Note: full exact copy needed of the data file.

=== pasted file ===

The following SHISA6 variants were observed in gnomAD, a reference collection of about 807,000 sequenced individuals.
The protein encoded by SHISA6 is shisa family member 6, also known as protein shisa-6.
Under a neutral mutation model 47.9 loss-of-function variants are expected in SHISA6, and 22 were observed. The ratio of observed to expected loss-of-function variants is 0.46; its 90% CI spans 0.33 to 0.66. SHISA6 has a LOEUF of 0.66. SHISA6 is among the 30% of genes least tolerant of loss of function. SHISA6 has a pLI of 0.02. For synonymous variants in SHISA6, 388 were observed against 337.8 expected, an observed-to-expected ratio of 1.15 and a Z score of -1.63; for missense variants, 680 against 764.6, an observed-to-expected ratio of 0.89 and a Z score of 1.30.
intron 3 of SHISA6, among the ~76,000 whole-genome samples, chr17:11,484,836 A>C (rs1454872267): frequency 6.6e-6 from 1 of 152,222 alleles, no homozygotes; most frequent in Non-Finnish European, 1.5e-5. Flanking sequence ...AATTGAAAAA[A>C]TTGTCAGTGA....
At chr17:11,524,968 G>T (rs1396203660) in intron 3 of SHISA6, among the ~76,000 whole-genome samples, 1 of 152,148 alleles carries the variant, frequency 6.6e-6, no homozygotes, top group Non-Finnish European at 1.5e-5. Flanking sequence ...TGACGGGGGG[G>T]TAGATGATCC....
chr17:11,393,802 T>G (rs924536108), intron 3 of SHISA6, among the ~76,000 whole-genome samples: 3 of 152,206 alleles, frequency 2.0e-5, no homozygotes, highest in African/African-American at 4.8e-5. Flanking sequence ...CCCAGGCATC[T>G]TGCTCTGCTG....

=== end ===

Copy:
The following SHISA6 variants were observed in gnomAD, a reference collection of about 807,000 sequenced individuals.
The protein encoded by SHISA6 is shisa family member 6, also known as protein shisa-6.
Under a neutral mutation model 47.9 loss-of-function variants are expected in SHISA6, and 22 were observed. The ratio of observed to expected loss-of-function variants is 0.46; its 90% CI spans 0.33 to 0.66. SHISA6 has a LOEUF of 0.66. SHISA6 is among the 30% of genes least tolerant of loss of function. SHISA6 has a pLI of 0.02. For synonymous variants in SHISA6, 388 were observed against 337.8 expected, an observed-to-expected ratio of 1.15 and a Z score of -1.63; for missense variants, 680 against 764.6, an observed-to-expected ratio of 0.89 and a Z score of 1.30.
intron 3 of SHISA6, among the ~76,000 whole-genome samples, chr17:11,484,836 A>C (rs1454872267): frequency 6.6e-6 from 1 of 152,222 alleles, no homozygotes; most frequent in Non-Finnish European, 1.5e-5. Flanking sequence ...AATTGAAAAA[A>C]TTGTCAGTGA....
At chr17:11,524,968 G>T (rs1396203660) in intron 3 of SHISA6, among the ~76,000 whole-genome samples, 1 of 152,148 alleles carries the variant, frequency 6.6e-6, no homozygotes, top group Non-Finnish European at 1.5e-5. Flanking sequence ...TGACGGGGGG[G>T]TAGATGATCC....
chr17:11,393,802 T>G (rs924536108), intron 3 of SHISA6, among the ~76,000 whole-genome samples: 3 of 152,206 alleles, frequency 2.0e-5, no homozygotes, highest in African/African-American at 4.8e-5. Flanking sequence ...CCCAGGCATC[T>G]TGCTCTGCTG....